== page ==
“Workflow”. Not entirely, mind you; the workflow concept is still a vital part of what BPM does. But we are doing so much more than that (and at the same time much less, as in various case management scenarios). When we refer to the digital applications we're building on BPM platforms, “workflow” just doesn't do justice to the scope of the accomplishment.
I think, the problem not with some "BPM words" but with the absence of a proper concept system. See "Concepts crisis in IT and siter domains" [ref1]
I don't really have any word or acronym that hops out as bad jargon. I think we need to look at it from another angle and ask what jargon could we introduce to help make the BPM space more accessible to everyone. I think the term Citizen Developer is a good example of creating new jargon to help average people understand a term. I would challeng us to think about better words for BPMN terms like "Sequence Flow", "Lane", "Pool", etc.
If we want average people to play our BPM game, let's make it easier to understand.
How about let's rewind to an empty list?
Then, add terms that end-users will be able to understand and relate to (i.e. workers who are the main beneficiaries of BPM and management who benefit indirectly from BPM), with a resolve to strongly resist any attempt to add jargon.
The term "Center of Excellence" should not be used for business units that spew out bafflegab or provide "advice and assistance" that subjects audiences to incantations.
BPMS....BPM is the discipline to collect information on how to achieve required business outcomes putting people first. The S has deflected that important message whether it it's System Software or Suite. Let's call the result application what it does with that required and essential adaptive tag...or anyone got a better one....? The point is let's not confuse business buyers and keep BPM pure and focused.
I have actually no recollection of overusing BPM jargon - in all our projects we don't describe technically what everything on the BPMN chart does, we just follow along with the flow. We target basic audiences which would be immediately alienated by CIO blabber.
So the only ones that really bug me are standard management speak around the BPM bullshit bingo contest: "efficiency", "streamlining", "customer is first", the list is endless.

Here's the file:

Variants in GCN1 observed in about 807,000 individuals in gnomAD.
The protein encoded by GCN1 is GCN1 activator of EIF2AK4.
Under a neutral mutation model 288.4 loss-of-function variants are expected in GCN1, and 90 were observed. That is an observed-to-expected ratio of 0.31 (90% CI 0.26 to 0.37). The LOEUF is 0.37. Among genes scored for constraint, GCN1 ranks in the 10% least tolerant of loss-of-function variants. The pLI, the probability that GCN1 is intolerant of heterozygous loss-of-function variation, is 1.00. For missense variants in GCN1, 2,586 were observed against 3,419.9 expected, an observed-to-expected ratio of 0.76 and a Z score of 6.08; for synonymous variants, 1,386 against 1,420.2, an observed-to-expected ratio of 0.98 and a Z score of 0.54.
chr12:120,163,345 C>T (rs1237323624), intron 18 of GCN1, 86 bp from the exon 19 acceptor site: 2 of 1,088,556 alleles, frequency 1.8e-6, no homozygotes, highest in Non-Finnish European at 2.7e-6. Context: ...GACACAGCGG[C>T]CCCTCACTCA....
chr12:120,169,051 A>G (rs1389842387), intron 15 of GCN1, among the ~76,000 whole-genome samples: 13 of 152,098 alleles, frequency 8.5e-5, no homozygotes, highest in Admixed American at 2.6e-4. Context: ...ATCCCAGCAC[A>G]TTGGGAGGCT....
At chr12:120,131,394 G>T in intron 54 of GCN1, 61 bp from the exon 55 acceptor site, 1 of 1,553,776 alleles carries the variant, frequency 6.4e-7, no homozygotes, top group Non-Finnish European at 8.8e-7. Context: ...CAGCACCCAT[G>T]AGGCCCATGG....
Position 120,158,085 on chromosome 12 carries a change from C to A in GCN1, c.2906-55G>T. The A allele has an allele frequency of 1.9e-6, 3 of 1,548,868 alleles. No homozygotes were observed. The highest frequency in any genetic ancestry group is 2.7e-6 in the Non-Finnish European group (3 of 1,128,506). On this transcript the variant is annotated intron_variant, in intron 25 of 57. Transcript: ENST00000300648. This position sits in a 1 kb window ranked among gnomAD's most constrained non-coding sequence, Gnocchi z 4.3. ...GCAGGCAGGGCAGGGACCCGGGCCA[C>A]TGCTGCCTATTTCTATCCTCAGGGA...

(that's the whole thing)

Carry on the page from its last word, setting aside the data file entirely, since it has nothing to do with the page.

However, since we know how the BPM industry is NOT tackling it's ADD, shouldn't we be equally wary of the new slang that seems to be creeping up: "bots", "zero code", "agile", "MVP", "social" that seem to be plastered onto BPM not because it's relevant, but just because it's hip.
Maybe that would be the subject of a separate question?
I think we need to provide a new perspective to the whole space as most people alluded on this thread. While the existing technology can be the basis for this next wave, the message needs to be adjourned and restated towards the end users and a new look from a consumer angle would be ideal in my humble opinion. BPM (using the current term) should not be something only owned and managed by IT, but a broader solution to its end users or consumers.
Agility. Is there any software application less agile than the BPMs? Oh and any use of the term "maturity model" which is just analyst speek, condescending and an attempt to upsell the customer a load of other non essential capabilities.
How about "style"?
I'm hesitant to propose this term for disfavour though, because BPM style is an important requirement for BPMS users to master.
But the phrase hides something as well, which is that much of what BPM style concerns is work-arounds for imperfect technology. And the effect on a BPM team of business analysts is to define BPM as more difficult than it needs to be.
Consider again "accounting" -- there are accounting best practices and GAAP and well-designed charts of accounts and great cashflow management etc. etc. -- but not really a body of knowledge or behaviour known as "accounting style". I suspect that at some point in the future the need for this term might diminish and it will be shown to be an artefact of developing technology.
Lots of valuable material here.
If we move forward and clean up BPM jargon, no point doing this without a parallel initiative for ACM jargon and, to an extent, CEM jargon.
How many at this discussion support the idea that . . .
1. b2b today no longer has a singular focus on end-to-end processes, the focus has shifted to "process fragments".
2. Objectives can no longer conveniently be parked at process end points (i.e. there are very few of these).
3. Work is now a mix of process fragments and ad hoc "processes of one step each", threaded together by users, software and machines.
4. We need an environment capable of hosting work..
5. A reasonable solution is "Case" which can accommodate any number of objects (digital data, doc/pdf, spreadsheet, even video recordings), as well as host objectives (i.e. objectives have moved from plan side to run time side).
6. BPM becomes a core component of Case (with easy accommodation, by the way, of CEM).
7. Case hosts the work (structured interventions as well as ad hoc interventions);it also hosts Case objectives and tools such as FOMM (non-subjective assessment of progress toward meeting Case objectives).
8. Case supports Adaptive Case Management which is capable of providing orchestration and governance in respect of the performance of work at Cases and management of workload across Cases.
9. As Emiel has pointed out, we probably need to define Case more sharply (lots of blog articles on this at www.kwkeirstead.wordpress.com for anyone who wants to dive in).